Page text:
Lessons learned and way forward in the post 2015 development agenda

The initiatives that have been deployed in the efforts to achieve the MDGs have provided valuable lessons that must be carried forward as attention turns to work on the Post-2015 Development Agenda and the Sustainable Development Goals.  In a statement made at the General Council on 24 July 2014  the Director General of WTO highlighted the following:

"First, the role of trade in the post-2015 agenda process should not be reduced simply to trade liberalisation. Rather, trade should be recognised more broadly as a development policy instrument;

Second, the WTO and its rules governing global trade have proven their worth in the context of the MDGs, both as a building block for economic growth and as a buttress to trade protectionism, especially at the height of the crisis. In this regard, the WTO and its rules should be seen as a way of providing a similar enabling environment and necessary buffer for the post-2015 development agenda through to 2030;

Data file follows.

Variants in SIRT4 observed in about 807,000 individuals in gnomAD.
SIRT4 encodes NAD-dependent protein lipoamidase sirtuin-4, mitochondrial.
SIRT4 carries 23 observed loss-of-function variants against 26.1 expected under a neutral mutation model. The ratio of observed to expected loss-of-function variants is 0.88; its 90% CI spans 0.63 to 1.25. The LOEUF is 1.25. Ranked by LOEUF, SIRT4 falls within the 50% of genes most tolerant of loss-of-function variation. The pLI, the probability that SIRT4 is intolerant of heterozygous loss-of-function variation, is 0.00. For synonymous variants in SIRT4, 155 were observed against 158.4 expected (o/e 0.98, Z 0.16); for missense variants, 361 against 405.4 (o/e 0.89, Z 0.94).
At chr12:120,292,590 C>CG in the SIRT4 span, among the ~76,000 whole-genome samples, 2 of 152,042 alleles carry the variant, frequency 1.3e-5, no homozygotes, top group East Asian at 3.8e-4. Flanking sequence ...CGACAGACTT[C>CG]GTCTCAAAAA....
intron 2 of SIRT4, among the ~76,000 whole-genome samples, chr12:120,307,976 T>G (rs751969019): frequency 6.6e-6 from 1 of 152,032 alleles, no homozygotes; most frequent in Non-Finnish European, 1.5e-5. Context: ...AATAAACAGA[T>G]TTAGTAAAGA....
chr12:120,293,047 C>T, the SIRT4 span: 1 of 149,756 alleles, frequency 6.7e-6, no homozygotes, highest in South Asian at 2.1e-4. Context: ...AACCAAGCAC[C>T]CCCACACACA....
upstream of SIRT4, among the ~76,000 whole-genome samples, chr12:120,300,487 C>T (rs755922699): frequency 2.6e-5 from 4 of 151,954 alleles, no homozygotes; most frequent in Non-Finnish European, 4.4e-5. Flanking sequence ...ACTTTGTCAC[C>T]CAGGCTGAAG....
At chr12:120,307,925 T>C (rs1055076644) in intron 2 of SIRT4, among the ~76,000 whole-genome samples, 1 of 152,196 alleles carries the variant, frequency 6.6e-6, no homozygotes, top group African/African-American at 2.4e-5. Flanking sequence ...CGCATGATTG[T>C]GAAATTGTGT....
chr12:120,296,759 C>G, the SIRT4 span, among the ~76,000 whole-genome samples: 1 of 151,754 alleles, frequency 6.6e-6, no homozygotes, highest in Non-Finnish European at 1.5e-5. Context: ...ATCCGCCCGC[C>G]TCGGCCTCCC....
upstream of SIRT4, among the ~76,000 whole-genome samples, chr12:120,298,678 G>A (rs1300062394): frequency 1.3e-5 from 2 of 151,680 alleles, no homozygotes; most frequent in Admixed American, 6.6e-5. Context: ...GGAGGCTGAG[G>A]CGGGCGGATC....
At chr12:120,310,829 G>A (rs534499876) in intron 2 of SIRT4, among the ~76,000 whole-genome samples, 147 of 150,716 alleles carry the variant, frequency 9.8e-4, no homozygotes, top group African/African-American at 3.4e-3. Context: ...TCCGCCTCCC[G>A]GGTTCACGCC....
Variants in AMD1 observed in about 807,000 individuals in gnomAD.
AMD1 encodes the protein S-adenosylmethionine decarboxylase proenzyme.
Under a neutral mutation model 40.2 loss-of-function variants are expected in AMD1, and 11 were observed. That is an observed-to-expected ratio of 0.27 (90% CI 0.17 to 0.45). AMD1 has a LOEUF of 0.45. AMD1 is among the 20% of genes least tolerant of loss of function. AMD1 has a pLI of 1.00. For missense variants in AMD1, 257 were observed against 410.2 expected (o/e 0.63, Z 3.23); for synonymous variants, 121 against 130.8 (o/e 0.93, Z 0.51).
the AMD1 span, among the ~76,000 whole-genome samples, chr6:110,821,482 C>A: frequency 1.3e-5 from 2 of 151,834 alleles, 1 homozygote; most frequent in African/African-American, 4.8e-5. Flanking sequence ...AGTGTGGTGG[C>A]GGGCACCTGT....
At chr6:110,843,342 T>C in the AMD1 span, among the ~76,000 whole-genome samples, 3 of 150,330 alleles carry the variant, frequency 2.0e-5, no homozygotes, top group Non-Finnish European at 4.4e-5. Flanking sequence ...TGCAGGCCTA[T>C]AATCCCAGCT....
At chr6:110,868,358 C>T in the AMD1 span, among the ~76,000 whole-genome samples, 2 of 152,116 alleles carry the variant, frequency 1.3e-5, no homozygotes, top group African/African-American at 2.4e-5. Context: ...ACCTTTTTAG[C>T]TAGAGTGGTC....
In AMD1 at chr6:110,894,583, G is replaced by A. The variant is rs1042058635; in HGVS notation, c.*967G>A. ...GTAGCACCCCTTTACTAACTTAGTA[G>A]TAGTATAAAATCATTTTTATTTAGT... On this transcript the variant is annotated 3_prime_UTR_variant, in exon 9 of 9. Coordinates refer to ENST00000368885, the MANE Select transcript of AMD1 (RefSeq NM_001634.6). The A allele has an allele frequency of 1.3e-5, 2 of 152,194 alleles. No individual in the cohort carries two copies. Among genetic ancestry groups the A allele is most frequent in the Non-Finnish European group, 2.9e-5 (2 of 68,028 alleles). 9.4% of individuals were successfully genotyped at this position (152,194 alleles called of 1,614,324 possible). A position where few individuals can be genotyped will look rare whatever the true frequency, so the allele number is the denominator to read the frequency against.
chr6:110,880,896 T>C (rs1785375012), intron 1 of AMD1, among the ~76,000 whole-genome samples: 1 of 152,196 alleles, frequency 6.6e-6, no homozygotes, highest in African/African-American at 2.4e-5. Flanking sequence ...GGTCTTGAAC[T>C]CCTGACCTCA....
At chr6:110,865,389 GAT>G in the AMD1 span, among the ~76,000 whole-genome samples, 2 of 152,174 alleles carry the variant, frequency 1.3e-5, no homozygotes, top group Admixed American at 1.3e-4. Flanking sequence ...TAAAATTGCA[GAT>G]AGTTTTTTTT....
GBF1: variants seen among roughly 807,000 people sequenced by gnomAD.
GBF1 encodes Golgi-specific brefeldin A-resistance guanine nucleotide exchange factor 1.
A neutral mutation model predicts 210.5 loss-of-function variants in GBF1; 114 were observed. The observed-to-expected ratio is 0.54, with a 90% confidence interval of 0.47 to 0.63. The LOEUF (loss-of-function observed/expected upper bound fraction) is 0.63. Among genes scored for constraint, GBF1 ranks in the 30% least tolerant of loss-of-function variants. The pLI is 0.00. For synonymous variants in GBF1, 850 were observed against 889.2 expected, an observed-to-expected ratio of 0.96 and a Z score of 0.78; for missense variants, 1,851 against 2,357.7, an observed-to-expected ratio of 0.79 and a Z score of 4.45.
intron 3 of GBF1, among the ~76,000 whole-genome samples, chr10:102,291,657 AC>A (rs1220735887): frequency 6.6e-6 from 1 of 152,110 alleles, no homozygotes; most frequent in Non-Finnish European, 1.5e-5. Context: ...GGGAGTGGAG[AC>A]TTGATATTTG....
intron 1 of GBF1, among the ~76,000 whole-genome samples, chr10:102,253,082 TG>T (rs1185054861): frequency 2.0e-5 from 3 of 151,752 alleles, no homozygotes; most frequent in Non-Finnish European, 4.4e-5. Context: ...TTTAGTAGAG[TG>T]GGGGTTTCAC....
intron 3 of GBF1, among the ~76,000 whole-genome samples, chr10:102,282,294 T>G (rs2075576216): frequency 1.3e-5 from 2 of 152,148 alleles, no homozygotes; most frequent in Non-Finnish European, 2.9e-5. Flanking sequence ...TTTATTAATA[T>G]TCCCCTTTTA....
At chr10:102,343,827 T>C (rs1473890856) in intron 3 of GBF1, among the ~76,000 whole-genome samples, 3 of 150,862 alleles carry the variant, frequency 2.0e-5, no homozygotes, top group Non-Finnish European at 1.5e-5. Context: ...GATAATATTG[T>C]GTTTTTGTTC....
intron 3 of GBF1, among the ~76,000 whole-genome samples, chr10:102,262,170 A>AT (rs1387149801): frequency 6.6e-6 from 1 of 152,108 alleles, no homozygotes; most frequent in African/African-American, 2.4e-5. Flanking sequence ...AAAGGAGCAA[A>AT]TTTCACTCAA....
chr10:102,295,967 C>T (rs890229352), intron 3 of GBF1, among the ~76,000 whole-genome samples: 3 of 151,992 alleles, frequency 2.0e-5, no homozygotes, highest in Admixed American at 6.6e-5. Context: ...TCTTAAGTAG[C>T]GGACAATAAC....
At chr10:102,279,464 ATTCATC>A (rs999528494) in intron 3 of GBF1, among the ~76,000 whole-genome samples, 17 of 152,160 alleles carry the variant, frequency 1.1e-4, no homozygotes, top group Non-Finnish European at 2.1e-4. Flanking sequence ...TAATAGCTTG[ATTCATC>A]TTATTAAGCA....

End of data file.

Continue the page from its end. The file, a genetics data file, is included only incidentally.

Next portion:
Third, the Bali Package and the DDA work programme can support the delivery of the SDGs. For example in the area of financing work with donors on Trade Facilitation and in support of the Enhanced Integrated Framework for LDCs and Aid for Trade will feed into other areas of work on the post-2015 agenda – and, in turn, work on the post-2015 agenda will support these activities;

And fourth, the SDGs should promote policy coherence at the global level. Failure to place more emphasis on the role of trade as an enabler for achieving these broader goals would be a real set-back for global policy coherence."

Raúl A. Torres  is a Counsellor in the Development Division of the WTO.